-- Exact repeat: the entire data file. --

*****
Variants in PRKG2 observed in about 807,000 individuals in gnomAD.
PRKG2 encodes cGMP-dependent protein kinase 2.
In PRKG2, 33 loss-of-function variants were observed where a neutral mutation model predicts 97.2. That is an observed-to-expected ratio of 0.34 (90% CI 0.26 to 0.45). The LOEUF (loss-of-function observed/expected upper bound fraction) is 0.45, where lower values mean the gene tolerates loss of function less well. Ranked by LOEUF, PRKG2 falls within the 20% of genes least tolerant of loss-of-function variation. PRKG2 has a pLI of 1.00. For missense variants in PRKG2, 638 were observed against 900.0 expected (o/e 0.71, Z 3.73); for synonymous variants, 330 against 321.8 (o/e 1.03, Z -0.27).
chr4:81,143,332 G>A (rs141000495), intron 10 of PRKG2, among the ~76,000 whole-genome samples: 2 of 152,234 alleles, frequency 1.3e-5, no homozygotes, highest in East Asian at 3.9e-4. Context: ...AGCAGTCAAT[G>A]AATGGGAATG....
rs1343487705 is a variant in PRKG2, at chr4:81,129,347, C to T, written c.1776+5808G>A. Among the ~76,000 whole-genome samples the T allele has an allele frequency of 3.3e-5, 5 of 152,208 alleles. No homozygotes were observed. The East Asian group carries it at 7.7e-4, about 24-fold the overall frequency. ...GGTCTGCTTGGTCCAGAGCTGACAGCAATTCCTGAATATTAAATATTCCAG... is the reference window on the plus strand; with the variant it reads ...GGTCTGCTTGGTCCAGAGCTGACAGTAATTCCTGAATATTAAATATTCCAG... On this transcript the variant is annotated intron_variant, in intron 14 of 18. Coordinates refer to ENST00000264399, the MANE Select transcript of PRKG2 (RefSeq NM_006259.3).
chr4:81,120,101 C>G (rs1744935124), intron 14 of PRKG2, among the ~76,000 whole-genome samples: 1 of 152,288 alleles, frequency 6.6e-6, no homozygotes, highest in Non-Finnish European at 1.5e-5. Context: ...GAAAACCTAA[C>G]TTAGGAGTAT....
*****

Variants in PRKG2 observed in about 807,000 individuals in gnomAD.
PRKG2 encodes cGMP-dependent protein kinase 2.
In PRKG2, 33 loss-of-function variants were observed where a neutral mutation model predicts 97.2. That is an observed-to-expected ratio of 0.34 (90% CI 0.26 to 0.45). The LOEUF (loss-of-function observed/expected upper bound fraction) is 0.45, where lower values mean the gene tolerates loss of function less well. Ranked by LOEUF, PRKG2 falls within the 20% of genes least tolerant of loss-of-function variation. PRKG2 has a pLI of 1.00. For missense variants in PRKG2, 638 were observed against 900.0 expected (o/e 0.71, Z 3.73); for synonymous variants, 330 against 321.8 (o/e 1.03, Z -0.27).
chr4:81,143,332 G>A (rs141000495), intron 10 of PRKG2, among the ~76,000 whole-genome samples: 2 of 152,234 alleles, frequency 1.3e-5, no homozygotes, highest in East Asian at 3.9e-4. Context: ...AGCAGTCAAT[G>A]AATGGGAATG....
rs1343487705 is a variant in PRKG2, at chr4:81,129,347, C to T, written c.1776+5808G>A. Among the ~76,000 whole-genome samples the T allele has an allele frequency of 3.3e-5, 5 of 152,208 alleles. No homozygotes were observed. The East Asian group carries it at 7.7e-4, about 24-fold the overall frequency. ...GGTCTGCTTGGTCCAGAGCTGACAGCAATTCCTGAATATTAAATATTCCAG... is the reference window on the plus strand; with the variant it reads ...GGTCTGCTTGGTCCAGAGCTGACAGTAATTCCTGAATATTAAATATTCCAG... On this transcript the variant is annotated intron_variant, in intron 14 of 18. Coordinates refer to ENST00000264399, the MANE Select transcript of PRKG2 (RefSeq NM_006259.3).
chr4:81,120,101 C>G (rs1744935124), intron 14 of PRKG2, among the ~76,000 whole-genome samples: 1 of 152,288 alleles, frequency 6.6e-6, no homozygotes, highest in Non-Finnish European at 1.5e-5. Context: ...GAAAACCTAA[C>G]TTAGGAGTAT....